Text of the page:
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Activists set talks with Chevron on Burma rights concerns

The logo of Chevron is seen in Los Angeles, California, United States, on 12 April 2016. (Photo: Reuters)

Shareholder activists will speak with Chevron Corporation next week to request that the energy giant use its influence with the government of Burma to press for a resolution of ethnic violence that has led to a refugee crisis.

Joshua Brockwell, communications director for Azzad Asset Management, said the firm and other activist investors planned to press Chevron executives on 25 October to discuss a letter they sent that also asked the company to consider cutting ties with “governments complicit in genocide.”

Chevron, the second-largest US-based oil producer, does business in Burma through a subsidiary, Unocal Burma Offshore Co Ltd. It has projects that include a minority interest in natural gas production and a pipeline, according to the company’s website.

Asked about Azzad’s concerns, Chevron spokesman Melissa Ritchie said “Chevron conducts our business in a responsible manner, respecting the law and universal human rights to benefit the communities where we work, including Myanmar.”

“In our experience, peace, stability and the protection of human rights provide the best foundation for the economic development of a region and associated improvement in living conditions for communities,” she said via email, confirming that the company would speak to the investors.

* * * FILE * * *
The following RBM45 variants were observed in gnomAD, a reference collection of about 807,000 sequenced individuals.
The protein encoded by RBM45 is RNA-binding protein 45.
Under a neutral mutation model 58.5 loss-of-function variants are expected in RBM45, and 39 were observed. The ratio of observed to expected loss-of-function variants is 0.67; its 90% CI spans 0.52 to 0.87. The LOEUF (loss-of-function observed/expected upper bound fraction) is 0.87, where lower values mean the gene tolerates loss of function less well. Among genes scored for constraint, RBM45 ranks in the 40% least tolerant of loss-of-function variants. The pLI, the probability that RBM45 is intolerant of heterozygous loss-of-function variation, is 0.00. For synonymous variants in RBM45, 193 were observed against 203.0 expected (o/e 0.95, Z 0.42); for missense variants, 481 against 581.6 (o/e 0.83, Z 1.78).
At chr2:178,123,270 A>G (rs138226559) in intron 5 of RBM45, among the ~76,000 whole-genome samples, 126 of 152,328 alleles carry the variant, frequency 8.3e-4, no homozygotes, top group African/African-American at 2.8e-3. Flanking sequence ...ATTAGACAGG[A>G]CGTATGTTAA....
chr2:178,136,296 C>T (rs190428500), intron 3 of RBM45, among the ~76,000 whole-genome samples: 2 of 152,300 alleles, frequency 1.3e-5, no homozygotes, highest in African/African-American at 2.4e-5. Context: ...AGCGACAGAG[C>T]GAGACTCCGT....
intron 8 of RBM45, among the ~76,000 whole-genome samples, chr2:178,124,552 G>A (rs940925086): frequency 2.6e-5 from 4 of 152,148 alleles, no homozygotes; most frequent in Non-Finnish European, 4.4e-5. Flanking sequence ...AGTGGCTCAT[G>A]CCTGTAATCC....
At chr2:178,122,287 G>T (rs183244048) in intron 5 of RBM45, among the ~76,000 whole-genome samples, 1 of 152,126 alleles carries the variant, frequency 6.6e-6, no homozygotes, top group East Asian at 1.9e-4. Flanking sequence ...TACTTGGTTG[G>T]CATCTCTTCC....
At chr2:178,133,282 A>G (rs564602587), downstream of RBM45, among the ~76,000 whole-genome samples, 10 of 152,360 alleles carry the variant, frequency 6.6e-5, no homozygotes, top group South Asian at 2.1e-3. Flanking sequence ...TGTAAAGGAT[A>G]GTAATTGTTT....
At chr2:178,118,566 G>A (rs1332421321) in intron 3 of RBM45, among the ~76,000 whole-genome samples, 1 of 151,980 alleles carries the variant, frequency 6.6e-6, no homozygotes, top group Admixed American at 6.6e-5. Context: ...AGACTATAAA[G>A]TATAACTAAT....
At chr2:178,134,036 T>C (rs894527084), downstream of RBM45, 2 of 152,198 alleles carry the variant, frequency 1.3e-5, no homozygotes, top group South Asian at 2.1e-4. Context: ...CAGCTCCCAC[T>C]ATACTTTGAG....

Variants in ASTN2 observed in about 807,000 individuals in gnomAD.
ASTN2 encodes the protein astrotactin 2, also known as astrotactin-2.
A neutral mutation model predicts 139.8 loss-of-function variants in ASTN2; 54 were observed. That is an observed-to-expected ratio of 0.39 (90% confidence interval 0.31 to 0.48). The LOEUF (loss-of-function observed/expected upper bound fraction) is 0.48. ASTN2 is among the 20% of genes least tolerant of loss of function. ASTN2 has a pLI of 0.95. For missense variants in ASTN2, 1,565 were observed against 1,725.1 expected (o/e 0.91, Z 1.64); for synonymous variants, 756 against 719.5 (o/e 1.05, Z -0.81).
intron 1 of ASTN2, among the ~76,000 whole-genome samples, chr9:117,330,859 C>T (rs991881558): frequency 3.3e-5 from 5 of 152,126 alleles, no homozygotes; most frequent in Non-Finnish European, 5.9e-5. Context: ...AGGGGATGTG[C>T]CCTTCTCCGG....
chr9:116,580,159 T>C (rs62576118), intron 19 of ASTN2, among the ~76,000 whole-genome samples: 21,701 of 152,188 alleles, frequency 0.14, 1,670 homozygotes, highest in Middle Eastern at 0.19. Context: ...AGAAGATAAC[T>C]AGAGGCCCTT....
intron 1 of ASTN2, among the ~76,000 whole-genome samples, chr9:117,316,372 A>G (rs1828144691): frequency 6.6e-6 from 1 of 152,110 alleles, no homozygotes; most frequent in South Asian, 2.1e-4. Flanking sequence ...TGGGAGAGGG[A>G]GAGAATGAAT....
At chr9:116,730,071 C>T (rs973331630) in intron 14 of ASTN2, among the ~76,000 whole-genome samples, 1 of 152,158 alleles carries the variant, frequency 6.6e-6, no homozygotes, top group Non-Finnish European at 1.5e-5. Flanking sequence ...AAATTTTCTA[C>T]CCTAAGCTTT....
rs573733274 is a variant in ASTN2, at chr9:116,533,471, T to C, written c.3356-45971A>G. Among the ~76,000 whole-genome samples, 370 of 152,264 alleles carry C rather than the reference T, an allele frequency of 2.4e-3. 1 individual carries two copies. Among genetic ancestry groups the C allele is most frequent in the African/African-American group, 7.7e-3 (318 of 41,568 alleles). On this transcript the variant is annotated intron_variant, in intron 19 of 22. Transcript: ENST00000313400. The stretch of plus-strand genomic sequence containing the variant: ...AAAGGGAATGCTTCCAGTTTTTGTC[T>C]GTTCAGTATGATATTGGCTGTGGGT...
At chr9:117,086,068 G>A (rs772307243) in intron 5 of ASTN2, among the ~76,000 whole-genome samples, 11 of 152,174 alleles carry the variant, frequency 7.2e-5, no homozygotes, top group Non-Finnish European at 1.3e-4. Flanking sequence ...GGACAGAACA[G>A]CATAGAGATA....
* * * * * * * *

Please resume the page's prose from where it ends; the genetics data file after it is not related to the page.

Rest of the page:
More than 536,000 Rohingya Muslims have fled Burma since 25 August, when coordinated Rohingya insurgent attacks sparked a ferocious military response, with the fleeing people accusing security forces of arson, killings and rape.

In September the United Nations’ top human rights official accused Burma of conducting a “cruel military operation” against Rohingya Muslims in Arakan state, calling it “a textbook example of ethnic cleansing.”

Azzad’s Brockwell said his firm was “growing increasingly concerned over the lack of a constructive response from Chevron” on its requests since the letter was sent, in August.

Brockwell said it might also file a shareholder resolution for Chevron’s next annual meeting, similar to one Azzad and others filed for its 2017 meeting in May. That resolution called for a report evaluating whether Chevron should stop doing business with governments complicit in genocide or crimes against humanity. The resolution received support from 6 percent of shares voted.

In addition to Azzad, an Islamic finance firm, the other lead filer of the resolution was a Catholic religious order, the Ursuline Sisters of Tildonk.

Simon Billenness, executive director of International Campaign for the Rohingya, a Washington, DC, advocacy group, said it planned to send similar letters to other companies doing business in Burma, signed by shareholders in those companies.